CTV News reported on the dementia and Alzheimer’s sufferers that are asking for “the right to consent to doctor-assisted suicide” or physician-assisted suicide.
The concern is the development of the diseases as they eventually destroy “their ability to walk, talk and think.” Currently, in Canada, it is against the law for a physician-assisted suicide. Of the provinces and territories to consider making this practice legal of this, Quebec is the first to “consider this controversy or proposal.”
“One of its supporters is Quebec politician Francois Bonnardel, who watches helplessly as Alzheimer’s slowly destroys the mind and body of his mother, Yolande Tremblay.”
Bonnardel is seen as a “frontman” for the push by Quebec to advance this controversial cause of physician-assisted suicide or “doctor-assisted suicide.”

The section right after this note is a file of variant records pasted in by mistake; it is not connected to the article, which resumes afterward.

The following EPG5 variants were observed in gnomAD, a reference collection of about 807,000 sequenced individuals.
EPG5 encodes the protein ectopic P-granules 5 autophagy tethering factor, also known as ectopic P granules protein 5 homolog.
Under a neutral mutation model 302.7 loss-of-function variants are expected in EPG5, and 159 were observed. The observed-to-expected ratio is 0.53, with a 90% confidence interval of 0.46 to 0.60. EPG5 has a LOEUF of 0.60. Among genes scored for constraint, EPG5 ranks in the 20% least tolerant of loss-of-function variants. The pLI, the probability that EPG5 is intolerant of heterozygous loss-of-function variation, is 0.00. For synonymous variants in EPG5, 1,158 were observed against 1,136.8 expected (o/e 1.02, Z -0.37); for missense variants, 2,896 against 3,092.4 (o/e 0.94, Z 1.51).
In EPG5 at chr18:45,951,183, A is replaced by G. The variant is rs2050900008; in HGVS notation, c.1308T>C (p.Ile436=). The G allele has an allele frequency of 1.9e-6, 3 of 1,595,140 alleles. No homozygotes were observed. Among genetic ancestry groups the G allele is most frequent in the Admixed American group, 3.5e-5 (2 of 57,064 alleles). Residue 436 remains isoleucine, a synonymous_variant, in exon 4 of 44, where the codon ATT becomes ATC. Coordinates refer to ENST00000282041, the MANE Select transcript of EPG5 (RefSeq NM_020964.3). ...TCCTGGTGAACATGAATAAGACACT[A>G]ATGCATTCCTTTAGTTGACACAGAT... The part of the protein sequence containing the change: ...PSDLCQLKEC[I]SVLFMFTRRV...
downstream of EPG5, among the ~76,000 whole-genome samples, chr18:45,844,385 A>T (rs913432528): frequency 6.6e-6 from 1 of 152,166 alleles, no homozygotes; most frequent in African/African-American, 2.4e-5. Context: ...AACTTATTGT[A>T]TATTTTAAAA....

According to the CEO of Dying with Dignity Canada, Shanaaz Gokool, “There is a provincial government that is willing to address this critical issue that so many Canadians, 80 per cent, support advance consent for a diagnosis like dementia.”
One woman’s family, Jocelyne Lizotte’s family, wants the option. She had Alzherimer’s, but was “denied a medically assisted death. She made a request to the husband: to kill her. Now, Michel Cadotte, who is 55-years-old, has “been charged with second-degree murder.”
Although, some organisations and individuals support the idea. Others do not support doctor-assisted suicide. The Canadian Alzheimer’s Society is against the idea. One representative, Line Vincelli, reports and believes that offering assisted death can put “the vulnerable at great risk.”
There was a study, which prompted the Quebec to study the issue of advance consent and whether it “should be allowed.”
Some dementia and Alzheimer’s sufferers say they would like the right to consent to doctor-assisted suicide before the disease destroys their ability to live and exercise a holistic lifestyle.
Vincelli said, “We should fight to help give them a good life before trying to end their life.”